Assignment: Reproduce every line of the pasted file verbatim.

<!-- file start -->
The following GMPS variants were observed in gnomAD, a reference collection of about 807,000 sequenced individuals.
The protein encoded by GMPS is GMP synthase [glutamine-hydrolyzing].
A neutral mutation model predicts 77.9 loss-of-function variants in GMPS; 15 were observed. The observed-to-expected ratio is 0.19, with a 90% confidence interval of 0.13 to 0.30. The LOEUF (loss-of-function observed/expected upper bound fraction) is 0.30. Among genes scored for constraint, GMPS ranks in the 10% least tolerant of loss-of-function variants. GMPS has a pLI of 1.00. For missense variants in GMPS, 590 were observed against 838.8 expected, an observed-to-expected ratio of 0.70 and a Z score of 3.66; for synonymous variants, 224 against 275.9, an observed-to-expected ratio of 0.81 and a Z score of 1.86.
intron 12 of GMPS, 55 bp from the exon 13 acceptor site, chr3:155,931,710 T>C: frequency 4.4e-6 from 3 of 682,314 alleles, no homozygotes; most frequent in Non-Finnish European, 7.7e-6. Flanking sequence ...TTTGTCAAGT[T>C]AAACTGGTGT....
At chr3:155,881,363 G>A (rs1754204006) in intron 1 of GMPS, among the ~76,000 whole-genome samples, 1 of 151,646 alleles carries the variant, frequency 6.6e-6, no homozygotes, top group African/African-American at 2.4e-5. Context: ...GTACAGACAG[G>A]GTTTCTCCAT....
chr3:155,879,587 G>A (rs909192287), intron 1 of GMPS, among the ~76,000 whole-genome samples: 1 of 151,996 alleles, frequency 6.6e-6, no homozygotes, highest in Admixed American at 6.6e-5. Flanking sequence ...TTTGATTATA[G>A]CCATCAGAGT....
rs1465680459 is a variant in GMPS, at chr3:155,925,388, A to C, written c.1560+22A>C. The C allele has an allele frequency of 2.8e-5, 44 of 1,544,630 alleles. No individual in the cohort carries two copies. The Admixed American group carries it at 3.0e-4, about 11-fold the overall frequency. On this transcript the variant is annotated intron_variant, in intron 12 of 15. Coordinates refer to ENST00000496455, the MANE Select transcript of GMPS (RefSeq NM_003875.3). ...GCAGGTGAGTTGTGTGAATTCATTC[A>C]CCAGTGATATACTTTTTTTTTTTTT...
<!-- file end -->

The following GMPS variants were observed in gnomAD, a reference collection of about 807,000 sequenced individuals.
The protein encoded by GMPS is GMP synthase [glutamine-hydrolyzing].
A neutral mutation model predicts 77.9 loss-of-function variants in GMPS; 15 were observed. The observed-to-expected ratio is 0.19, with a 90% confidence interval of 0.13 to 0.30. The LOEUF (loss-of-function observed/expected upper bound fraction) is 0.30. Among genes scored for constraint, GMPS ranks in the 10% least tolerant of loss-of-function variants. GMPS has a pLI of 1.00. For missense variants in GMPS, 590 were observed against 838.8 expected, an observed-to-expected ratio of 0.70 and a Z score of 3.66; for synonymous variants, 224 against 275.9, an observed-to-expected ratio of 0.81 and a Z score of 1.86.
intron 12 of GMPS, 55 bp from the exon 13 acceptor site, chr3:155,931,710 T>C: frequency 4.4e-6 from 3 of 682,314 alleles, no homozygotes; most frequent in Non-Finnish European, 7.7e-6. Flanking sequence ...TTTGTCAAGT[T>C]AAACTGGTGT....
At chr3:155,881,363 G>A (rs1754204006) in intron 1 of GMPS, among the ~76,000 whole-genome samples, 1 of 151,646 alleles carries the variant, frequency 6.6e-6, no homozygotes, top group African/African-American at 2.4e-5. Context: ...GTACAGACAG[G>A]GTTTCTCCAT....
chr3:155,879,587 G>A (rs909192287), intron 1 of GMPS, among the ~76,000 whole-genome samples: 1 of 151,996 alleles, frequency 6.6e-6, no homozygotes, highest in Admixed American at 6.6e-5. Flanking sequence ...TTTGATTATA[G>A]CCATCAGAGT....
rs1465680459 is a variant in GMPS, at chr3:155,925,388, A to C, written c.1560+22A>C. The C allele has an allele frequency of 2.8e-5, 44 of 1,544,630 alleles. No individual in the cohort carries two copies. The Admixed American group carries it at 3.0e-4, about 11-fold the overall frequency. On this transcript the variant is annotated intron_variant, in intron 12 of 15. Coordinates refer to ENST00000496455, the MANE Select transcript of GMPS (RefSeq NM_003875.3). ...GCAGGTGAGTTGTGTGAATTCATTC[A>C]CCAGTGATATACTTTTTTTTTTTTT...